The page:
Education in Uganda

Education in Uganda
Sr. Dr. Alice Jurugo Drajea

Currently I serve the Catholic Diocese of Arua. It is in the West Nile Region in North Western Uganda as Deputy Education Secretary. My specific area is to supervise and coordinate preprimary and primary schools under the Catholic Foundation to ensure quality education. My senior, Fr. Andrew Inyaga the Education Secretary, takes care of the secondary schools and at the same time teaches in the diocesan minor seminary while being a chaplain at the urban Mvara secondary school.

Some of these schools are government aided while others are private. There are over 200 primary schools and 35 secondary schools under the Catholic Church foundation and several Early Childhood Development Centres spread in the six districts in Arua Diocese—Arua, Adjumani, Moyo, Koboko, Maracha and Yumbe. To date, the scope of operation has greatly expanded due to the influx of South Sudanese refugees following the political unrest since December 2013. For example, in Adjumani refugee settlements are estimated to have 200,000 people while over 150,000 refugees reside in Bidibidi Settlements in Yumbe districts, both of which are in Arua diocese. The majority of this population are children and women.

The opportunity for work is great and the schools are full of children. Parents are keen to see their children get quality education but the broader systems’ challenges—political, economic and social—present significant obstacles. The diocese itself has structures for development including the education sector. But being an African local diocese, its financial strength is limited to achieving its intended development goals for the people of God, and indeed for the country.This is mainly because the greater number of the population are poor with far less economic and financial strength.

Ocer Campion Jesuit College, Gulu, Uganda


So far, we have run workshops for head teachers and their deputies in partnership with Justice and Peace Group based in Kampala. We have attended national meetings organized by the Ministry of Education and Sports (MOES) on issues related to teacher transfers. We have also met with head teachers of primary schools in four districts of Arua Diocese and now we are left with two districts to cover before the academic year comes to a close in December. Our discussions focus on the strengths (opportunities) in their schools, challenges (weaknesses) and what can be done in order to forge ways forward for best performance in their schools. There is good collaboration with government and church for development. The head teachers appreciate these visits as they hardly get any from the local education offices.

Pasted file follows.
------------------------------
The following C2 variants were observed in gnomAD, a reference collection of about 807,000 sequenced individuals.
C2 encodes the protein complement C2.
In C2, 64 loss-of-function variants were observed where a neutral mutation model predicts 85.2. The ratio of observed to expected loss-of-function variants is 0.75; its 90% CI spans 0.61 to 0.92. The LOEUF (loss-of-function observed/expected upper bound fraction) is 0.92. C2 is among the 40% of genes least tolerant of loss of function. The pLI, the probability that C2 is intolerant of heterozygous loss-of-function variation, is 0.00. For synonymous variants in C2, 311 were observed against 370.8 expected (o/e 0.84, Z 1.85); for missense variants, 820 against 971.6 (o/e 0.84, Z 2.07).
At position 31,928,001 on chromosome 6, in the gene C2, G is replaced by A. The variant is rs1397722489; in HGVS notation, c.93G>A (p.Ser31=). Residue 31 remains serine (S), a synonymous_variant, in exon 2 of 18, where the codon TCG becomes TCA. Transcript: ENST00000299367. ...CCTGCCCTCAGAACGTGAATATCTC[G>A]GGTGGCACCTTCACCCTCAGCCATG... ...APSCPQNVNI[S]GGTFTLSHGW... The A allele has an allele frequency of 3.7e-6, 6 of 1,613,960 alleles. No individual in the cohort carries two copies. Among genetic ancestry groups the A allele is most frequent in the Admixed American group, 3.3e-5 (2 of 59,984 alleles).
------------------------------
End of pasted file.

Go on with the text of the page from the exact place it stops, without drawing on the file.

Main challenges

Transport: Two of us nuns work at the diocesan offices: Sr. Juliet Awachango and myself. Both of us have no means of transport to our places of work. We use hired motorcycles (locally known as bodaboda) which is very risky and prone to accidents. It is worrying, especially when you sling your laptop on your shoulder. For my part and my colleague, Fr. Andrew, we are not able to make visits to schools as we would like to. The schools are many and we have to request the main diocesan administration to slot our visits to schools in their programme, which makes it slow and uncertain.

No fixed office/equipment: The diocese is currently undertaking major structural adjustment with departmental offices. We have been moved from our office to another and where we are is temporary so we cannot invest in the office in terms of electrical installation, internet, computer, printing etc. We have to use our own cell phones for contacting schools and the MOES including other organisations with an interest in education. You call at your own expense, there is no landline in the office, no phone allowance or transport allowance given for day-to-day official operations. In addition, there is a lack of digitalized data: almost all the school data are still in print, therefore work becomes tedious.

Low allowance: I work eight hours a day and five days a week, and my salary is less than €150 per month. This causes financial insecurity when I have to contribute to my community for our sustenance. Our community is in town which means we are subject to water and electricity bills, paying of a cook and a watchman, not to mention our daily food, medical, personal needs and garden work to supplement our little pay. The other two sisters get much less and so as a community we cannot have money to spend daily on both food and transport to the workplace. As a result Sr Julie, who works in the project office doesn’t have lunch. It is expensive to prepare snacks as what we have is for our main meal. There are no sandwiches here.

Our hope is that with time, some of the working conditions will improve especially when the office renovations are completed. But the problem of means of transport is huge and worrying, and that of motivation through insufficient salaries remains uncertain.

Sr. Dr. Alice Jurugo Drajea is a PhD holder in education from Trinity College Dublin in Ireland with an MA in Educational Leadership and Management, and a BA in Educational Theory and Practice. Her background is in secondary school teaching. Sr. Alice served her congregation in a leadership role in Uganda Province overseeing 24 communities.

Author: Sr. Dr. Alice Jurugo Drajea, 14th November 2016